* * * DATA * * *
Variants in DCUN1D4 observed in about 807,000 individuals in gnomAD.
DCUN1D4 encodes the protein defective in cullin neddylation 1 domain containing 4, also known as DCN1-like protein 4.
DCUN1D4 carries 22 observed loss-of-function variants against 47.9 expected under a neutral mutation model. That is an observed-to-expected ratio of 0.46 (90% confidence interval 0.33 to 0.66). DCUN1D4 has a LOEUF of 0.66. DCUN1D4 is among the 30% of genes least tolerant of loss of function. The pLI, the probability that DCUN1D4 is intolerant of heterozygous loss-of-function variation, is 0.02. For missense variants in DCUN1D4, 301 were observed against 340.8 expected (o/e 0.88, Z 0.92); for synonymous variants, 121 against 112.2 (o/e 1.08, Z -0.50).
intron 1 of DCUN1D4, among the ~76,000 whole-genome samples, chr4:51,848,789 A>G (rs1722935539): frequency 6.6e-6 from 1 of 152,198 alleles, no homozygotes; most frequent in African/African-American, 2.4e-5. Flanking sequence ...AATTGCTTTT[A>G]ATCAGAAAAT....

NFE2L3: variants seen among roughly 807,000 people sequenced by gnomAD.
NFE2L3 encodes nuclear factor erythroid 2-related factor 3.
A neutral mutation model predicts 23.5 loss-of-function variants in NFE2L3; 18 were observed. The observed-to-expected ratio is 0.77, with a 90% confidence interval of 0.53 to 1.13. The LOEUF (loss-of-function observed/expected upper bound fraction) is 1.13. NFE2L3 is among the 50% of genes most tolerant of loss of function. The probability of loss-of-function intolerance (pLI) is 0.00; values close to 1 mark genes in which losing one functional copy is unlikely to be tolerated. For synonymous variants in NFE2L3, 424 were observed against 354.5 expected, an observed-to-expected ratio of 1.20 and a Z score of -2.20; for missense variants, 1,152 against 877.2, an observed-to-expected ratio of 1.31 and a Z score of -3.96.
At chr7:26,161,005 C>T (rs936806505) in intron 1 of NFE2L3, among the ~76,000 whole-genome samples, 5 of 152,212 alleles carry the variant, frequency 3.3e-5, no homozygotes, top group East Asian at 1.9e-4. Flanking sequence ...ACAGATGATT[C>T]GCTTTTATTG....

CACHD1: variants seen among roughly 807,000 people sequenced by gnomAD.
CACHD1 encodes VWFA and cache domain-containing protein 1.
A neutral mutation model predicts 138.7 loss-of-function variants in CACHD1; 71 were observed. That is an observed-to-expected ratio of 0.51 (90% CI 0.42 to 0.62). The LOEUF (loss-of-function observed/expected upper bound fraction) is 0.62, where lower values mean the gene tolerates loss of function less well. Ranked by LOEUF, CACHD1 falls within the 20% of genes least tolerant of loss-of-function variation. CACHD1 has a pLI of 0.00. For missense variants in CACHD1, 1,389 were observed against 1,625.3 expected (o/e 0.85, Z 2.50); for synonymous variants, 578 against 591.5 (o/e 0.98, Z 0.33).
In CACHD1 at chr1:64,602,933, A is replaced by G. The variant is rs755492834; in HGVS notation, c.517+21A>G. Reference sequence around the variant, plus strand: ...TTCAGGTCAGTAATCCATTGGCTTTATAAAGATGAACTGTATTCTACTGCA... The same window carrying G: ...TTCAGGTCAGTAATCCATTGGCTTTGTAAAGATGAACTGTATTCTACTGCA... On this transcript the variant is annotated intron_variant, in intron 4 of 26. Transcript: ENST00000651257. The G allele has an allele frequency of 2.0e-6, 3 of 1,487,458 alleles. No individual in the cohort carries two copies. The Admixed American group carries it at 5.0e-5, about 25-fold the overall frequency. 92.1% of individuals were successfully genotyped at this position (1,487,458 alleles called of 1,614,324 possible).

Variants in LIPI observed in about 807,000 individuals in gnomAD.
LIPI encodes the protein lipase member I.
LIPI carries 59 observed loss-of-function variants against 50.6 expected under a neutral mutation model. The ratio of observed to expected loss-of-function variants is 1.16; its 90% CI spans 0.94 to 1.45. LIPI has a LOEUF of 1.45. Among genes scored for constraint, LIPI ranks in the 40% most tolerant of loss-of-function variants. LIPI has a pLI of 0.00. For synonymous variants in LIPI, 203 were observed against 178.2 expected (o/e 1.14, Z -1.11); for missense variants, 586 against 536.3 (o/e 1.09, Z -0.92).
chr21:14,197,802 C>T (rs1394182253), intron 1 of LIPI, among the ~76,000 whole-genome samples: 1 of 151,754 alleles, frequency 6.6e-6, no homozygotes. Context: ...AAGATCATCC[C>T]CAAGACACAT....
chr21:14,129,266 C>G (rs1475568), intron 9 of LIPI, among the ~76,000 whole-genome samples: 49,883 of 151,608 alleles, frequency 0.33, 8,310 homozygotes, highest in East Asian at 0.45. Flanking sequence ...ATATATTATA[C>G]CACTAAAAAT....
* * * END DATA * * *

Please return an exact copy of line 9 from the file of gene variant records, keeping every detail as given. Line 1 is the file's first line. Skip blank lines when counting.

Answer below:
CACHD1: variants seen among roughly 807,000 people sequenced by gnomAD.